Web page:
Rene Capo

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Rene Capo
Born René Capo
(1961-05-09)May 9, 1961
Pinar del Río, Cuba
Died July 6, 2009(2009-07-06) (aged 48)
Chicago, Illinois, United States
Other names Caposki
Nationality  United States
Height 6 ft 1 in (1.85 m)
Division Heavyweight
Style Judo
University University of Minnesota
Children 2
Rene Capo
Medal record
Men's Judo
Competitor for the  United States
High School Nationals
Gold 1977 Yale Heavyweight
Gold 1979 Rogers Heavyweight
Pacific Rim Championships
Gold 1987 Colorado Springs Heavyweight
US Olympic Trials
Gold 1988 Colorado Springs Heavyweight
Gold 1996 Colorado Springs Heavyweight
United States Senior Nationals
Gold 1979 San Francisco Heavyweight
Gold 1989 Orlando Heavyweight
Gold 1991 Honolulu Heavyweight
Silver 1998 Chicago Heavyweight
Bronze 2002 Cleveland Heavyweight
Finnish Open
Silver 1995 Heavyweight

Rene Capo (May 9, 1961 – July 6, 2009) was a judoka from the United States who competed in the 1988 Summer Olympics and the 1996 Summer Olympics.[1] Capo immigrated to the United States from Cuba as a young boy. Though he won several judo championships in high school, Capo took a four-year break from the sport to attend the University of Minnesota. After college, Capo went on to qualify for two United States Olympics teams, could not compete as an alternate in another due to a back injury, and narrowly missed making the 2008 team. In 2008, Capo was diagnosed with lung cancer, which caused his death the following year.

Early life[edit]

Capo immigrated to the United States from Pinar del Río, Cuba in 1962, when he was still an infant,[2] and grew up in Hialeah, Florida. He learned Judo as a member of Florida Judo Kai, under the tutelage of Cuban Champion Reinaldo Montpellier.[1][3] After graduating from Hialeah-Miami Lakes High School[2] He attended the University of Minnesota, where he played defensive tackle for the Golden Gophers from 1979 to 1982,[4] sharing a team record with four sacks.[1][4]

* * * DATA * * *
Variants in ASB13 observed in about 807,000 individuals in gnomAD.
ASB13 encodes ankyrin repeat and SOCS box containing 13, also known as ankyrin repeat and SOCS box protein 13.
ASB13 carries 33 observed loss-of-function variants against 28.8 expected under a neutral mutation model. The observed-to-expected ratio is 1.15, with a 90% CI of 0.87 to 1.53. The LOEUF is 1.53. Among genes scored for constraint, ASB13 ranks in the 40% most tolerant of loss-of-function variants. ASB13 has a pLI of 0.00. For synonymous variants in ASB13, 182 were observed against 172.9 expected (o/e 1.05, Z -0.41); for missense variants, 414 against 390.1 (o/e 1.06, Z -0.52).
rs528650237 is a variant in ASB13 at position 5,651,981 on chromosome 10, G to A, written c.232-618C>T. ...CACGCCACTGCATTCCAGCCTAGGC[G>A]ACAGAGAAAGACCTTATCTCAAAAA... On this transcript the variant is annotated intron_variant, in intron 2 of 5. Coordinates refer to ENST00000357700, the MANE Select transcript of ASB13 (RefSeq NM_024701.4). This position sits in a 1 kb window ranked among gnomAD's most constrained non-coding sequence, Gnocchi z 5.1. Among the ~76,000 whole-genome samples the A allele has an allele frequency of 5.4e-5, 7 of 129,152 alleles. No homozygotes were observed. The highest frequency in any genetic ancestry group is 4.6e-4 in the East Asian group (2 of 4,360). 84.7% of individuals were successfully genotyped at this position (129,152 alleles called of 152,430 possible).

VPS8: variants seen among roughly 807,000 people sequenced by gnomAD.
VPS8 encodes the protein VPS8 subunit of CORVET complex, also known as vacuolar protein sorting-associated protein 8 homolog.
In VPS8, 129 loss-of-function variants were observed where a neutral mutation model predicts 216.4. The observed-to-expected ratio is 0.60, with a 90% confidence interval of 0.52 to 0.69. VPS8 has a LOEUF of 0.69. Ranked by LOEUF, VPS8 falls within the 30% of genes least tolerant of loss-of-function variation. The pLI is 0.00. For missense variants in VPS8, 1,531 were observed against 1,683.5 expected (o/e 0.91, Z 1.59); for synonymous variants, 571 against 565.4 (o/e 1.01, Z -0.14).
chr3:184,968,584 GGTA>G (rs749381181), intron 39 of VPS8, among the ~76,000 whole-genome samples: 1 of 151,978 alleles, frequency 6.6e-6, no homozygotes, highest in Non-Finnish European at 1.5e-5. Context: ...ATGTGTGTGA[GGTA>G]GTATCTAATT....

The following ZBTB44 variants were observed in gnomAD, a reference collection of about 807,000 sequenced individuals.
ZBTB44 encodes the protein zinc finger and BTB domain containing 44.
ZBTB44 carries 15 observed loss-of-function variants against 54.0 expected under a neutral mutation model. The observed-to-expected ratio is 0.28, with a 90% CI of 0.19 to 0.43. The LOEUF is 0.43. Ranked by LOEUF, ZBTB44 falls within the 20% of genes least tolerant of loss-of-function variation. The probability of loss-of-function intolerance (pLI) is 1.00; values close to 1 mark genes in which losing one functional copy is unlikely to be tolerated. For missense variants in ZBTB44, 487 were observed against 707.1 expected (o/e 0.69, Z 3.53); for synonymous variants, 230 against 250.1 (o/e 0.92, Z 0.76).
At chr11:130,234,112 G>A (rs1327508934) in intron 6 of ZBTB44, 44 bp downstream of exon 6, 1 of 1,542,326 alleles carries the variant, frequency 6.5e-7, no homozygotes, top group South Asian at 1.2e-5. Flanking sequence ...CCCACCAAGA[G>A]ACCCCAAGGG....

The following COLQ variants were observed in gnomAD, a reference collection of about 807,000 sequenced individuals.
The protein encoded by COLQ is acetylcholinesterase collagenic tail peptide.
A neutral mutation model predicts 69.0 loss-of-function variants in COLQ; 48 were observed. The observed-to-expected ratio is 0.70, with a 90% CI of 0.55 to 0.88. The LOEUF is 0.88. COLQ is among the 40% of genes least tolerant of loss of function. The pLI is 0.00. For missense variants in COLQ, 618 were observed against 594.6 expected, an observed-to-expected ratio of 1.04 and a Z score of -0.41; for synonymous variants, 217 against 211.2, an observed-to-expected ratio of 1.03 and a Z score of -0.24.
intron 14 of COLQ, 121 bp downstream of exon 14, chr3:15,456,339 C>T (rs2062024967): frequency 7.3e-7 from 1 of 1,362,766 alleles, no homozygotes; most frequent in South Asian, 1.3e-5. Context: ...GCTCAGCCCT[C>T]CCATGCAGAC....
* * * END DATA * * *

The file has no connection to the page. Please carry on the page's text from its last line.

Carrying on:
Judo career[edit]

Amateur competition[edit]

At the age of six, Capo competed in his first judo competition, and had won his first tournament by nine.[2] By sixteen, he had become a Grandmaster, and won the Judo high school national championship. By the time of his graduation, Capo had earned a national high school gold medal, and won the United States Senior National title. A classmate recalls how, as a 190-pound junior, Capo pinned Lester Williams, then regarded as possibly the top high school athlete in the nation.[2]

Professional career[edit]

After a four-year break from Judo in which he focused on football and college, Capo won a gold medal at the 1987 Pacific Rim Championships. A year later, he upset a number of highly ranked heavyweights at the US Judo Olympic Trials.[2] At the 1988 Summer Olympics in Seoul, Capo finished 19th.[2] Capo qualified as the alternate for the 1992 Summer Olympics, but was unable to compete due to severe neck injury. After having surgery on two vertebrae, he made it to the 1996 Summer Olympics, where he was eliminated the first day. From 2005 to 2007, Capo taught judo at the Jason Morris Judo Center in Glenville.[5] He narrowly missed qualifying for the 2008 Summer Olympics,[2] losing to his own student, Kyle Vashkulat.[5] At the 2008 USA Judo Senior National Championships one month later, Capo placed fifth.[6]

Cancer[edit]

In 2008, Capo, a non-smoker, was diagnosed with lung cancer, from which he died on July 6, 2009 in Chicago, Illinois.[2] At the time, he lived in Naperville, Illinois,[6] where he had moved to earn money selling magazine subscriptions to schools.[5]

References[edit]

  1. ^ a b c Associated Press (7 July 2009). "Judo Olympian Capo dies at 48". USA Today (Gannett Company). Retrieved 8 July 2009. 
  2. ^ a b c d e f g h Quinones, David (8 July 2009). "Hialeah's Rene Capo, a two-time Olympian and judo champ, dies at 48". The Miami Herald (The McClatchy Company). 
  3. ^ "Fallece judoca cubano-estadounidense René Capo". Univision (in Spanish). 7 July 2009. Retrieved 9 July 2009. [dead link]
  4. ^ a b Youngblood, Kent (8 July 2009). "U nose tackle became judo champ". Star Tribune (Avista Capital Partners). Retrieved 9 July 2009. 
  5. ^ a b c Singelais, Mark (8 July 2009). "Judo Olympian Capo dies". Times Union (Hearst Corporation). Retrieved 9 July 2009. [dead link]
  6. ^ a b Associated Press (7 July 2009). "Latest Florida Sports". WFOR-TV (CBS). Retrieved 7 July 2009. [dead link]